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United Nations Somalia

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NEWS
June 17, 1993 | From Times Staff and Wire Reports
U.N. forces launched their fiercest strike yet against warlord Mohammed Farah Aidid's military power early today, shelling his headquarters from an American AC-130H Spectre gunship. Helicopters flew cover as the gunship, invisible against the night sky, began a four-hour barrage of 105-millimeter shells at 1:30 a.m. (3:30 p.m. PDT). An official at the White House, asked whether the gunship was striking at Aidid's headquarters, said, "I can confirm that." Aidid's house was surrounded by U.N.
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WORLD
July 30, 2009 | Times Wire Reports
Police broke up rallies against the outcome of Kyrgyzstan's recent presidential election, detaining dozens of demonstrators. Opposition activists accuse the government of rigging last week's vote, in which President Kurmanbek Bakiyev won a second term with 76% of the ballots. The Central Asian country hosts a U.S. air base crucial to operations in Afghanistan and has been the focus of competition between Washington and Moscow for regional influence.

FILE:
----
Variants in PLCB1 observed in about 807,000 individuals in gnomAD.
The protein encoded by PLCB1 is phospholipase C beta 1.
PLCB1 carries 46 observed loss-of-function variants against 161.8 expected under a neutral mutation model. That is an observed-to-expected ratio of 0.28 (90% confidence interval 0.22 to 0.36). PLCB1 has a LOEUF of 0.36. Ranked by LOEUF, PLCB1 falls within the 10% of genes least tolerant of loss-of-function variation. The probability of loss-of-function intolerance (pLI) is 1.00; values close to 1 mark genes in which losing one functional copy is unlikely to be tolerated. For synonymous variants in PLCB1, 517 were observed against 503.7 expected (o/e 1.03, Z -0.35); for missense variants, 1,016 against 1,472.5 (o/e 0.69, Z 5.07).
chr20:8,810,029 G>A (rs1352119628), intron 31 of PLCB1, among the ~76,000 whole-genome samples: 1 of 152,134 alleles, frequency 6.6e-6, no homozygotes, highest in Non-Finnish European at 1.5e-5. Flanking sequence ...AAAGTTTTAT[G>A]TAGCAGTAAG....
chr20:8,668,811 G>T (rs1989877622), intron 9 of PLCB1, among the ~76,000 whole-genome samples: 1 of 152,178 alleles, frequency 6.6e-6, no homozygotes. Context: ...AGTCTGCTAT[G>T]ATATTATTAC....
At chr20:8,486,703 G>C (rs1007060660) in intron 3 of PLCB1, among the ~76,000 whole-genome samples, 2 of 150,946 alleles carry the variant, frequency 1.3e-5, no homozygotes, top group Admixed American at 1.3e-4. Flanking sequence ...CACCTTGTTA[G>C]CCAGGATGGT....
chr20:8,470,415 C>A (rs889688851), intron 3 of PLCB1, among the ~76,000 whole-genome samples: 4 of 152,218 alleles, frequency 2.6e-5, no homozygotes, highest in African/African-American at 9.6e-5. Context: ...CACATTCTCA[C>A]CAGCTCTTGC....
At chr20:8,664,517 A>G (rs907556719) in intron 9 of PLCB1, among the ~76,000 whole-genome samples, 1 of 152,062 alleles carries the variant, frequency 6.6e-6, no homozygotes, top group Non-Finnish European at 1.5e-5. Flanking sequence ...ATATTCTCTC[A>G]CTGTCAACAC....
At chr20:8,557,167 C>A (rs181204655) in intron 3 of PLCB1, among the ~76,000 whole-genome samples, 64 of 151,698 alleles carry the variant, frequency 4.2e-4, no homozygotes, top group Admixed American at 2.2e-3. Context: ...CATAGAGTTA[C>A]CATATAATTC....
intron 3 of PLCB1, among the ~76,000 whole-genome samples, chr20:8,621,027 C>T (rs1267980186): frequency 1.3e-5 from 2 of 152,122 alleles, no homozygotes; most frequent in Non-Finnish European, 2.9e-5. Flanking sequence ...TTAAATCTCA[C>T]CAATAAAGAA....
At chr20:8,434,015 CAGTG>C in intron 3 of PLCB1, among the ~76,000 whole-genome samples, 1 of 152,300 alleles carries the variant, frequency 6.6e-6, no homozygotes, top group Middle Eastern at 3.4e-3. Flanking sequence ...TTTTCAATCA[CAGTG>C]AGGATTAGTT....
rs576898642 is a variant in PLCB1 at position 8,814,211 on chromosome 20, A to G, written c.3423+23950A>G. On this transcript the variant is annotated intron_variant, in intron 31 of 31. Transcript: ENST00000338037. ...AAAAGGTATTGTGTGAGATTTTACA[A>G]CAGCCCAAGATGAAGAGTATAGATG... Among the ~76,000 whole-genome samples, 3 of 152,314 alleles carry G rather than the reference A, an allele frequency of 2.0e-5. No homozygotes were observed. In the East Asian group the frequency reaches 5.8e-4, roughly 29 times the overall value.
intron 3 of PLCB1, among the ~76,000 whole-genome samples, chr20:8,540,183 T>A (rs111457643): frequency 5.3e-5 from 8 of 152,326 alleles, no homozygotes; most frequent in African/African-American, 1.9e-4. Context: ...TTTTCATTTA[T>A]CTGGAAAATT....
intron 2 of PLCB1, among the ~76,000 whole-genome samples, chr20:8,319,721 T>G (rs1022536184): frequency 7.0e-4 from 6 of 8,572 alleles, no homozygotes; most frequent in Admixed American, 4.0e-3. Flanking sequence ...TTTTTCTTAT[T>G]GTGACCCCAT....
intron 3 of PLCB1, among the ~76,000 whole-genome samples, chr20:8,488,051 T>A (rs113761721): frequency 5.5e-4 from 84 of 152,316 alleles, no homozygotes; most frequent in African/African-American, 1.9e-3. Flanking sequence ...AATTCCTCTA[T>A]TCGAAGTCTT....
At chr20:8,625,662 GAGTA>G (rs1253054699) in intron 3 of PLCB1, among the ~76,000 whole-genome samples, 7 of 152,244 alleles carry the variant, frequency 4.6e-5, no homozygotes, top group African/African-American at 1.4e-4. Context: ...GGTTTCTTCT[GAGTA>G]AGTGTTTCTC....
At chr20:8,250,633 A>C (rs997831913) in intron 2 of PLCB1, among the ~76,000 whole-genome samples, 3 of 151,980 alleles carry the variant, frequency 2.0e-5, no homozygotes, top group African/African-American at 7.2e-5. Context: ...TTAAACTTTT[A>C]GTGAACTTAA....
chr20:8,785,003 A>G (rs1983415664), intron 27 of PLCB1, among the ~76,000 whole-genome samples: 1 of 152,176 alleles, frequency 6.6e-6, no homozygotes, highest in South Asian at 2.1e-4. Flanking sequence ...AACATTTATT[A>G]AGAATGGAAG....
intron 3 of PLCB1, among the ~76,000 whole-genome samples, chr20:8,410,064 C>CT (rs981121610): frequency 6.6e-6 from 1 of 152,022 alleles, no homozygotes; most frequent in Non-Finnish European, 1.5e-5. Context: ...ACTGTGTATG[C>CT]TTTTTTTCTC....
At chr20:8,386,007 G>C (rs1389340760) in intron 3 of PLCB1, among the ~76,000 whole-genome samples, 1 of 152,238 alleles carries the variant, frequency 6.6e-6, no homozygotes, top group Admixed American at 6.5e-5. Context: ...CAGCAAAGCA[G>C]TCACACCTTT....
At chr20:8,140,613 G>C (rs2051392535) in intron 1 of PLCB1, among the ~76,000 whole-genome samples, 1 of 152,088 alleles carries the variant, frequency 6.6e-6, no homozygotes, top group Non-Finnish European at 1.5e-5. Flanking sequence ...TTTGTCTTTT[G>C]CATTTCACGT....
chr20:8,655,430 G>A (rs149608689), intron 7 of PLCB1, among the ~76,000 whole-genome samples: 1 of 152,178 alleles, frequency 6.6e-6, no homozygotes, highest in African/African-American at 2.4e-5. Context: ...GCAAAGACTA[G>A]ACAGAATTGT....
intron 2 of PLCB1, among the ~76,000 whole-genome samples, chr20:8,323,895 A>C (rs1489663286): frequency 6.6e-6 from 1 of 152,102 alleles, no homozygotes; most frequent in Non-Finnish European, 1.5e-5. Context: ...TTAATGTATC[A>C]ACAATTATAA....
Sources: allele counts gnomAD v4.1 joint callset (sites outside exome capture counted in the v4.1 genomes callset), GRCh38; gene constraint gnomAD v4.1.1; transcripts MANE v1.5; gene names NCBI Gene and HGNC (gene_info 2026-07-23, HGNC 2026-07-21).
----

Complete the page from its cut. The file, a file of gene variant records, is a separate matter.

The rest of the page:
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NEWS
February 23, 1993 | STANLEY MEISLER, TIMES STAFF WRITER
Despite the public bickering between the United States and the United Nations over Somalia policy in recent weeks, the two sides have evidently reached agreement on a blueprint for the U.N. takeover of military operations from American forces in the ravaged, chaotic East African country. Details will be set down in a report that Secretary General Boutros Boutros-Ghali is expected to deliver to the Security Council in a week.
NEWS
July 4, 2001 | From Times Wire Reports
A United Nations plan to help Somalia's fledgling government rebuild has been put on hold because of security concerns, said David Stephen, the U.N. representative for Somalia. A draft of the plan was to have been delivered by the end of April, but the March kidnapping of four U.N. employees in Mogadishu, the capital, halted the process, Stephen said. The hostages were released unharmed by their captors, who oppose the government.
NEWS
May 4, 1993 | MARK FINEMAN, TIMES STAFF WRITER
Brig. Gen. Ikram ul-Hasan, a strapping Pakistani infantry commander, leaned on the podium at U.S. military headquarters in Somalia and, in crisp British English, announced to the world that it was "a great honor and privilege" for him and his 4,761 Pakistani soldiers to take over responsibility for security and stability here in the Somali capital from the U.S. Marines.
NEWS
March 20, 1994 | MARK FINEMAN, TIMES STAFF WRITER
On the edge of Medina market, about a block from the perimeter of the main military compound America is leaving behind, Mahmoud Mohamed sat at a battered metal table, selling the last of the American garbage that has fed his family and tens of thousands of others for more than a year. They are the leavings of U.S. military MREs--Meals Ready to Eat.
NEWS
June 24, 1993 | From Associated Press